Capital Area Pickleball Association
Serving Dane County Wisconsin

PICKLEBLOG

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  • 19 Jun 2024 2:13 PM | Abigail Darwin

    According to a May 23, 2024, blog post on the website, The Kitchen, when considering American cities with a population over 100,000, Madison has the second most outdoor, dedicated pickleball courts in the country!

    The top 10 U.S. cities with the most pickleball courts per 10,000 people are as follows:

    1. Louisville, KY (3.8)

    2. Madison, WI (2.3)

    3. Honolulu, HI (1.9)

    4. Saint Petersburg, FL (1.8)

    5. Port Saint Lucie, FL (1.6)

    6. Bakersfield, CA (1.6)

    7. Boise, ID (1.5)

    8. Albuquerque, NM (1.4)

    9. Virginia Beach, VA (1.2)

    10. Saint Louis, MO (1.2)

    Of course, for those of us who live in Madison and the greater Dane County Area, we know that several of the smaller communities surrounding Madison actually have many more dedicated pickleball courts than Madison proper. In addition, there are many tennis courts in both Madison and the surrounding communities that are also lined for pickleball, providing everyone with additional court space over-and-above that provided solely by the dedicated pickleball courts.

    Here is a summary of the prevalence of outdoor pickleball courts in Dane County. Numbers provided below include: (1) courts, (2) community population, and (3) courts per 10,000 people:

    • Black Earth, 1 total, 1,452, 6.89
    • Cottage Grove, 12 dedicated, 8,857, 13.55
    • Cross Plains, 4 dedicated, 4,010, 9.98
    • Cross Plains, 5 total, 4,010, 12.47
    • Deerfield, 1 dedicated, 2,454, 4.07
    • DeForest, 4 dedicated, 10,893, 3.67
    • DeForest, 5 total, 10,893, 4.59
    • Fitchburg, 8 dedicated, 30,834, 2.59
    • Fitchburg, 10 total, 30,834, 3.24
    • Madison: 6 dedicated, 272,903, 2.20
    • Madison: 58 total, 272,903, 21.25
    • McFarland, 8 dedicated, 9,378, 8.53
    • Middleton, 8 dedicated, 22,328, 3.58
    • Monona, 4 total, 8,585, 4.66
    • Mount Horeb, 6 dedicated, 7,682, 7.81
    • Oregon, 6 dedicated, 11,610, 5.17
    • Sauk Prairie (combination of Sauk City and Prairie du Sac), 8 dedicated, 7,881, 10.15
    • Stoughton: 6 dedicated, 12,846, 4.67
    • Stoughton: 8 total, 12,846, 6.23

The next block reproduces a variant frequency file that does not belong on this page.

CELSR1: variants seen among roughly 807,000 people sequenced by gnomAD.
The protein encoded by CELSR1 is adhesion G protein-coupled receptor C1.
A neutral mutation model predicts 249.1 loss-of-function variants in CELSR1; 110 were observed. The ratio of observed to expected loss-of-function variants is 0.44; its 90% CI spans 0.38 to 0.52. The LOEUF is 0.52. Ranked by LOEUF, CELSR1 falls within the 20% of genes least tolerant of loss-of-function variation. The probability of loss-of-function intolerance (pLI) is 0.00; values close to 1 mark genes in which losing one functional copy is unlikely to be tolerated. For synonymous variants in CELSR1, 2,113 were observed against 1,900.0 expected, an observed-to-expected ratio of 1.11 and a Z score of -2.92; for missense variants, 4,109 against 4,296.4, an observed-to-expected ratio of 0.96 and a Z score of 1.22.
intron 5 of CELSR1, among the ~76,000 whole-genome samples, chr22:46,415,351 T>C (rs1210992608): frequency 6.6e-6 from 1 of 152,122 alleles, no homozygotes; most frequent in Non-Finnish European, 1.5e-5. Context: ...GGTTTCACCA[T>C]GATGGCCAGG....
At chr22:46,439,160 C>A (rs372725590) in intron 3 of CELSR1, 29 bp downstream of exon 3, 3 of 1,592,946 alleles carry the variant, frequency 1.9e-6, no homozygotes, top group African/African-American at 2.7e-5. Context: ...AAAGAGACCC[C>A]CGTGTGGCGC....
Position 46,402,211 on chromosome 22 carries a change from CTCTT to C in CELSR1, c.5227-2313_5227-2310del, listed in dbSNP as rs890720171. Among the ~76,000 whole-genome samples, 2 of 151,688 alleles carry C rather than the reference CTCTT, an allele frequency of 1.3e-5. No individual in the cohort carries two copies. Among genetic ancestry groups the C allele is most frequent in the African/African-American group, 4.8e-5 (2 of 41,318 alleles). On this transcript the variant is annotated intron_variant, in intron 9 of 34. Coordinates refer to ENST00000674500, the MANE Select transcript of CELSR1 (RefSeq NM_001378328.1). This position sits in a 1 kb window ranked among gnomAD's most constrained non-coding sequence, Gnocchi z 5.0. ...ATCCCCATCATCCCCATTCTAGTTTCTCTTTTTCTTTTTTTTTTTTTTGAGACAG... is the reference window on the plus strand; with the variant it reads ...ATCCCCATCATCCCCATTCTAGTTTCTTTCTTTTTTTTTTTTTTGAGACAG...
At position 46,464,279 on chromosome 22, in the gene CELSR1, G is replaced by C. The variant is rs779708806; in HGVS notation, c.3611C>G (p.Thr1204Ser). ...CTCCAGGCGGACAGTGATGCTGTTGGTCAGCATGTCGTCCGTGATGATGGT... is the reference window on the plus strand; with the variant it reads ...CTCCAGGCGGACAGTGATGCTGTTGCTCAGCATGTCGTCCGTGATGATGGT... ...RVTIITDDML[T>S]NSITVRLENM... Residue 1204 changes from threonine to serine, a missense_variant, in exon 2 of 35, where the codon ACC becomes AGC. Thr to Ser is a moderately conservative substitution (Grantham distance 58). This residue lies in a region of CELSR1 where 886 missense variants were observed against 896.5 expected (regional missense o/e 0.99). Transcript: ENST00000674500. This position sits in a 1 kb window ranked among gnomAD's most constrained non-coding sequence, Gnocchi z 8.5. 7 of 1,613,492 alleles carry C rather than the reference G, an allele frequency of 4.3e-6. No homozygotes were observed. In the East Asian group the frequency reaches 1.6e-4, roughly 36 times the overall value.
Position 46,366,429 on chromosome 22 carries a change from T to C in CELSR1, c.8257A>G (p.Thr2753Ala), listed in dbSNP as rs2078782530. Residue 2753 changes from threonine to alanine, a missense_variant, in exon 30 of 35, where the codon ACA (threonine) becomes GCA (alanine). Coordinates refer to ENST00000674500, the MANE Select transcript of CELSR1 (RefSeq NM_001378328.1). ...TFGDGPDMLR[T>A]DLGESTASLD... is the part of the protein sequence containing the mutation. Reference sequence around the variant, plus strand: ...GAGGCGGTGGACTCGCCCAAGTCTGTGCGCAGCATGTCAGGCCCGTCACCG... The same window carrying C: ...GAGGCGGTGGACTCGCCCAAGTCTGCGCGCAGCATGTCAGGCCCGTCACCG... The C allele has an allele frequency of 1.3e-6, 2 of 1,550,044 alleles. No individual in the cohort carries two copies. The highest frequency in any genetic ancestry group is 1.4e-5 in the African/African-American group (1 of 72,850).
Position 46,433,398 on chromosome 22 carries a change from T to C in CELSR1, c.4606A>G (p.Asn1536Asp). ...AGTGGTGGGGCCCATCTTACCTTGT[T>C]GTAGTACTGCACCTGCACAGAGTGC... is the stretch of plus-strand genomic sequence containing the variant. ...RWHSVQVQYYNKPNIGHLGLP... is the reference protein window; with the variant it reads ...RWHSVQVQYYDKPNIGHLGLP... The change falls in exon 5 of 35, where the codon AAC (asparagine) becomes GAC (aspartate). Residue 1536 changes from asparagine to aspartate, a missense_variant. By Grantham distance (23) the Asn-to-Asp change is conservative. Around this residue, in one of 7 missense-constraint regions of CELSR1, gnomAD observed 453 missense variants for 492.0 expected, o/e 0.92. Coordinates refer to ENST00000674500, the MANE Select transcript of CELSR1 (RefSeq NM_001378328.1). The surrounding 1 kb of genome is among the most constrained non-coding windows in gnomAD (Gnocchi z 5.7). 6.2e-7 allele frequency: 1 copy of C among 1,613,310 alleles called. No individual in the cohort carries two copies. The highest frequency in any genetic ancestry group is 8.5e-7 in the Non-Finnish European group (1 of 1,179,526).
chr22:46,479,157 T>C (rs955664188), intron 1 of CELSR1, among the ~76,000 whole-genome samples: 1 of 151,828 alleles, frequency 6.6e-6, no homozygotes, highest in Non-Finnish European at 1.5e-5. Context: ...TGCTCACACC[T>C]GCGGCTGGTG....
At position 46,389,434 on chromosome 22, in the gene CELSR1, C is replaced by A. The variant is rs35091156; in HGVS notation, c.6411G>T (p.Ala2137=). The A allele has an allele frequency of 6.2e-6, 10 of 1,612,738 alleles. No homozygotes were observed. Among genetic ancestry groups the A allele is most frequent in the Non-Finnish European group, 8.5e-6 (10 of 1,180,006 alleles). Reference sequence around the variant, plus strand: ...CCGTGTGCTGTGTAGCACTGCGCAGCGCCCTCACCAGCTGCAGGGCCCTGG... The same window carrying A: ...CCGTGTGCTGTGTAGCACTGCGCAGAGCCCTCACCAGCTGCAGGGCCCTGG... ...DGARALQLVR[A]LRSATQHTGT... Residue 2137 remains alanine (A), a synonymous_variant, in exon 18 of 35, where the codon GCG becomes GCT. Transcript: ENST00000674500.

• Sun Prairie, 12 dedicated, 36,653, 3.27
    • Sun Prairie, 14 total, 36,653, 3.82
    • Verona, 4 dedicated, 14,521, 2.75
    • Verona, 6 total, 14,521, 4.13
    • Waunakee, 7 dedicated, 14,998, 4.67
    • Waunakee, 14 total, 14,998, 9.33
    • Westport, 1 total, 4,183, 2.39
    • Windsor, 3 dedicated, 8,754, 3.43

    Much of the information which was used in putting together this blog post was pulled from the CAPA website’s “Outdoor Courts” section. Be sure to check it out for more detailed information about the specific names and locations of courts in your community.


  • 11 Jun 2024 11:32 AM | Abigail Darwin

    USA Pickleball is the National Governing Body for the sport of pickleball in the U.S. If you play in tournaments, then you appreciate the importance of having a paddle that is “USA Pickleball-approved.” For a paddle to be approved by USA Pickleball, it has to meet certain specifications related to material, surface roughness, size, and weight. USA Pickleball approval of equipment is intended to ensure and preserve integrity and fairness for all players. The USA Pickleball seal of approval is so important that you will not be allowed to play in most tournaments if you do not have a paddle that is included on the USA Pickleball-approved equipment list.

    This year, there has been a significant development that may impact some of you. Specifically, USA Pickleball has de-certified some new and very popular Joola paddles. These paddles include:

    •  Anna Bright Scorpeus 3 14mm
    • Ben Johns Hyperion 3 16mm
    • Ben Johns Hyperion 3 14mm
    • Ben Johns Perseus 3 14mm
    • Ben Johns Perseus 3 16mm
    • Collin Johns Scorpeus 3 16mm
    • Hyperion Alpha 2024 16mm
    • Hyperion Alpha 2024 14mm
    • Magnus Alpha 2024 16mm
    • Magnus Alpha 2024 14mm
    • Perseus Alpha 2024 16mm
    • Perseus Alpha 2024 14mm
    • Scorpeus Alpha 2024 16mm
    • Scorpeus Alpha 2024 14mm
    • Simone Jardim Hyperion 3 16mm
    • Tyson McGuffin Magnus 3 14mm
    • Tyson McGuffin Magnus 3 16mm

    To read the official USA Pickleball statement about why it de-certified these paddles, as well as some FAQs on this topic, go to https://usapickleball.org/news/usa-pickleball-statement-on-decertified-joola-paddles-and-equipment-testing-standards/.

    According to Joola’s website, if you purchased one of these paddles, you can return it by July 15, 2024, for a full refund. Instructions for doing so can be found at https://joolausa.com/frequently-asked-questions/ under “Gen3 Paddle Returns.”

    If you are curious about whether your paddle is USA Pickleball-approved (whether it is a Joola or a non-Joola paddle), you can find out by going to www.equipment.usapickleball.org.


  • 4 Jun 2024 3:48 PM | Abigail Darwin

    Pickleball is the fastest growing sport in the United States, and it is also starting to pick up steam in other countries as well. So, you might be curious as to whether you will see pickleball being played at this summer’s Olympics in Paris? The answer is unfortunately not, but take heart, because it may not be long until pickleball will be played in the Olympics!